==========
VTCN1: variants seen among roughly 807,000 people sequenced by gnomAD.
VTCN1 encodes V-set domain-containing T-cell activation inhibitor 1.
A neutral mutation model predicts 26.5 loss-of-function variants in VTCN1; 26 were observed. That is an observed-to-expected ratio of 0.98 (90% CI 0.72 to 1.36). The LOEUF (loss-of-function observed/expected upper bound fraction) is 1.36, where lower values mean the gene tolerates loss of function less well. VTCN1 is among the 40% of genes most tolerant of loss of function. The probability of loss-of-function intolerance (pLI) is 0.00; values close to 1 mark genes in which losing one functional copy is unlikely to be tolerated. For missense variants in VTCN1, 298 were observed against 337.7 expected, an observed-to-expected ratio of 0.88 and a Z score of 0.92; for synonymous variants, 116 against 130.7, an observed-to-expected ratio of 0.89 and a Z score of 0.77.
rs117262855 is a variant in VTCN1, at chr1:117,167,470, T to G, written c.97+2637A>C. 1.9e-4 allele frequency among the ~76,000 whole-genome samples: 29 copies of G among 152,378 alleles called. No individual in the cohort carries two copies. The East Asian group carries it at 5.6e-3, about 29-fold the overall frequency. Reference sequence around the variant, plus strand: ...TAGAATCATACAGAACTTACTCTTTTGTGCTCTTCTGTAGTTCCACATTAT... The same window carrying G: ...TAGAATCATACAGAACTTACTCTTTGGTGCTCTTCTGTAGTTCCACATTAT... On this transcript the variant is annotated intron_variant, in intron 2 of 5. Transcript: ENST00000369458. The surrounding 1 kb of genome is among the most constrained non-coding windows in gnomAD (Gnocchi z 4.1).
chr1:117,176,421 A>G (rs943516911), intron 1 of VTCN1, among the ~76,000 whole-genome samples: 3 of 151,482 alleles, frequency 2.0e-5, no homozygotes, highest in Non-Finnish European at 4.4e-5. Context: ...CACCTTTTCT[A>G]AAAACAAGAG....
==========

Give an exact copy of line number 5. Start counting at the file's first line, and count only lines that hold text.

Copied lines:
chr1:117,176,421 A>G (rs943516911), intron 1 of VTCN1, among the ~76,000 whole-genome samples: 3 of 151,482 alleles, frequency 2.0e-5, no homozygotes, highest in Non-Finnish European at 4.4e-5. Context: ...CACCTTTTCT[A>G]AAAACAAGAG....